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    Property tax update: New law permits exemption for property development, a reminder on upcoming tax appeal deadlines

    A new law, Senate Bill 235, authorizes local governments to grant property tax exemption to the increased value of real estate that is being developed. The new exemption is available for “newly developable property” or “redevelopment property,” which are properties on which no commercial, agricultural or industrial activities are currently occurring but on which industrial or commercial development are planned. A local government that approves a property owner’s request for exemption under the new law would freeze the property’s taxable value for up to six years. A new exemption would prevent the local school district and other taxing authorities from receiving additional property tax revenue that would ordinarily result from increases in the property’s value.

    Application process

    A property owner seeking to achieve exemption under the new law must file an application with the local government where the property is located. If any part of the property is already exempt from taxation under a tax increment financing (TIF) arrangement, the owner must apply with the municipal corporation, township or county that authorized the TIF exemption. Before it grants such an exemption, the local government must notify the school district where the property is located. However,  the new law does not require the school district’s approval for the local government to grant the exemption. If the local government approves a property owner’s application, the property owner must also file an application for real property tax exemption with the county auditor.   

    Exemption applies to the increase in value for up to six years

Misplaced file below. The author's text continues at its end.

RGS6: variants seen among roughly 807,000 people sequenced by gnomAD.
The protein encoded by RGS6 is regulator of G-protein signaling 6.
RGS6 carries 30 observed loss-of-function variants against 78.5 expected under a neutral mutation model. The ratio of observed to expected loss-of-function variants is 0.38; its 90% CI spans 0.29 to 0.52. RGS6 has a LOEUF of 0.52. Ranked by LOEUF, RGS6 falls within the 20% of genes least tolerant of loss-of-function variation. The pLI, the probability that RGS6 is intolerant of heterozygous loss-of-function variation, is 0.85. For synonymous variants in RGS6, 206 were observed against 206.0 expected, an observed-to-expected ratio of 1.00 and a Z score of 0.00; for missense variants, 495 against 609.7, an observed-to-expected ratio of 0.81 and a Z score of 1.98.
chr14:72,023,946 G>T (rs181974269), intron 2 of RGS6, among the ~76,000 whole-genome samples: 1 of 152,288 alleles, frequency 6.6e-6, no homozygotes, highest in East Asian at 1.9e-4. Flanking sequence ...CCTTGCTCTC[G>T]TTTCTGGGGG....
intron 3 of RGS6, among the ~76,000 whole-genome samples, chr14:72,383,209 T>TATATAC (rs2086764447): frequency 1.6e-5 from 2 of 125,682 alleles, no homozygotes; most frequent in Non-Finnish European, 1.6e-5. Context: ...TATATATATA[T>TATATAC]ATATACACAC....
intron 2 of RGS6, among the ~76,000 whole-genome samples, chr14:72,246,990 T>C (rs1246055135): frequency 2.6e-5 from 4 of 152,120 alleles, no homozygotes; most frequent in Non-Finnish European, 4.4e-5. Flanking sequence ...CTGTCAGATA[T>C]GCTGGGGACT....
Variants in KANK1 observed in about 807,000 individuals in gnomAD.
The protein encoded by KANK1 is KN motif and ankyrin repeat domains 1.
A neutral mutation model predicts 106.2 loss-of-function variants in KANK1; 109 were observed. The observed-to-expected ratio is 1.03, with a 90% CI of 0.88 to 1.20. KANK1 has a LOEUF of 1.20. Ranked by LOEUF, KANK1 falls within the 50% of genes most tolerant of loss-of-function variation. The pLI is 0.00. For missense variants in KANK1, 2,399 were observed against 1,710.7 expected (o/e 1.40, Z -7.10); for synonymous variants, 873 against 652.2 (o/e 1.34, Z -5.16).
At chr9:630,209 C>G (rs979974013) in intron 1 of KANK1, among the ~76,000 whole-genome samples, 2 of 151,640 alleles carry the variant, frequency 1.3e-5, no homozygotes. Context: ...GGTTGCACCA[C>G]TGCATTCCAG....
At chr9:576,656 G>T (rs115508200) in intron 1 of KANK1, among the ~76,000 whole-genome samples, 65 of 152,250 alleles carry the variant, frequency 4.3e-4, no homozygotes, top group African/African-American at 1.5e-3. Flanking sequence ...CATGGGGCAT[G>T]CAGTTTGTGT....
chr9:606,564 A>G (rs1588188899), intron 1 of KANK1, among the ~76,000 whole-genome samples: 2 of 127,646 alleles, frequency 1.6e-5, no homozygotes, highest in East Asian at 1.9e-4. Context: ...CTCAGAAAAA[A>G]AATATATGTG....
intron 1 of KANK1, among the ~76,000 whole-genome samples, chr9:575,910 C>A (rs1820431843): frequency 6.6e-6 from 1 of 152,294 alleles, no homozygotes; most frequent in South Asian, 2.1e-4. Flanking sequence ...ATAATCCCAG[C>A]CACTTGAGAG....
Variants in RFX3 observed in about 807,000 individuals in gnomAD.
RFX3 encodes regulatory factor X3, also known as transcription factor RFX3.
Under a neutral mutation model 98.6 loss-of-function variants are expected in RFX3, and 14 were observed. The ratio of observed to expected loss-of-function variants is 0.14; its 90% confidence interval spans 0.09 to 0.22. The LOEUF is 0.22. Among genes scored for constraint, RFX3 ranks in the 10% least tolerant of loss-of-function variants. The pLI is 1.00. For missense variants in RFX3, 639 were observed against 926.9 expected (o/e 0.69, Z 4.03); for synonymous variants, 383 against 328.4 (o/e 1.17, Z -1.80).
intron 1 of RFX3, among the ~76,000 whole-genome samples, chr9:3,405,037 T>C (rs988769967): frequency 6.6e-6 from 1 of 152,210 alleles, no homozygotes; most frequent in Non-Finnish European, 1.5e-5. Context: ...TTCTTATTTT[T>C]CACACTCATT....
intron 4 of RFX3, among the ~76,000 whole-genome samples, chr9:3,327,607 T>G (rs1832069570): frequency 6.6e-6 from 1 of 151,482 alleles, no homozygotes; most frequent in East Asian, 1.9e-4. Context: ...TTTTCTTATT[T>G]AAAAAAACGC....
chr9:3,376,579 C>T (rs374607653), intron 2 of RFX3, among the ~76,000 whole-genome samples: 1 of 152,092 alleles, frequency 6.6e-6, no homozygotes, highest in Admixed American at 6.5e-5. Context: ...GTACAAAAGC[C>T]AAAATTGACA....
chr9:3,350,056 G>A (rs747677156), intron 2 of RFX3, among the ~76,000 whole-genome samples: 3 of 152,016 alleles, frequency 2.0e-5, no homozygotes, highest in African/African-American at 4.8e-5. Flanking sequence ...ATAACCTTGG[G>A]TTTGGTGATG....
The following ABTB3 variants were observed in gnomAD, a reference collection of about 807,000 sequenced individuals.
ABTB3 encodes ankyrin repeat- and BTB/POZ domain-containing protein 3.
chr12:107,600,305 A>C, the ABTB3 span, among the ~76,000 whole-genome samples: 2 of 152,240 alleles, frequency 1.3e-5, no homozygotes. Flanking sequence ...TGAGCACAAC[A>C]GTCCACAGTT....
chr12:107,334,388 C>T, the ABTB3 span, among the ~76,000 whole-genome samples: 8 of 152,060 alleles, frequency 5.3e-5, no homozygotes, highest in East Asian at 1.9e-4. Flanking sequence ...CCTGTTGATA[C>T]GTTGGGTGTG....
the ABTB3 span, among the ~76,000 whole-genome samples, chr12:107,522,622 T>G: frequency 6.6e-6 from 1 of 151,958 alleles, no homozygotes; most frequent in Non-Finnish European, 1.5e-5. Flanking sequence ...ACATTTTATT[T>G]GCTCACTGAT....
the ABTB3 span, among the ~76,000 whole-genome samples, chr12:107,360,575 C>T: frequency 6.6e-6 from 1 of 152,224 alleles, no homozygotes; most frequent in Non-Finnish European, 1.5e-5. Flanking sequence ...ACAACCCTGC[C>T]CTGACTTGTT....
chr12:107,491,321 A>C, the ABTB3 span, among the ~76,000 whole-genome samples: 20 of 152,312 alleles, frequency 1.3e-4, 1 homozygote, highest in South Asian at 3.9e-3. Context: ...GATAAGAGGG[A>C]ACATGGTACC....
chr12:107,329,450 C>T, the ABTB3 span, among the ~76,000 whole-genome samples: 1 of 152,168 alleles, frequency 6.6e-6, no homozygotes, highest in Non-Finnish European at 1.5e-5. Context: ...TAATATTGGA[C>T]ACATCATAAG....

A local government that approves a property owner’s request for exemption must adopt a resolution or ordinance declaring that:

    • The development serves a public purpose; and

    • Any increase in the property’s value is exempt beginning with the tax year in which the property owner filed the application or the following tax year. 

    The exemption would apply to the portion of a property’s value that exceeds the value that the county auditor had assessed the year before exemption was granted. The exemption on this increased value would automatically continue for six years, unless an event occurs causing the exemption to terminate early.    

    Early termination and recoupment charge

    Exemptions granted under the new law will only terminate before the end of the six year exemption period if:

    • The owner obtains an occupancy permit for the property;

    • The owner sells the property;

    • The owner begins conducting commercial, agricultural or industrial activities on the property;

    • The property is rezoned in a manner that causes the development to become impermissible; or

    • The property is subdivided in a manner that makes the exemption impermissible.

    In addition, if the owner (1) sells the property without constructing improvements or  (2) conducts commercial, agricultural or industrial activities on the property before obtaining an occupancy permit, the exemption would terminate early and the owner would have to pay a penalty. The penalty, which is called the “recoupment charge,” would equal the tax savings the owner enjoyed during the three years before the termination of the exemption. In other words, the recoupment charge would be the difference between the taxes the owner would have owed in the absence of an exemption and the lower amount of taxes the owner was able to pay for the three years before the exemption ended.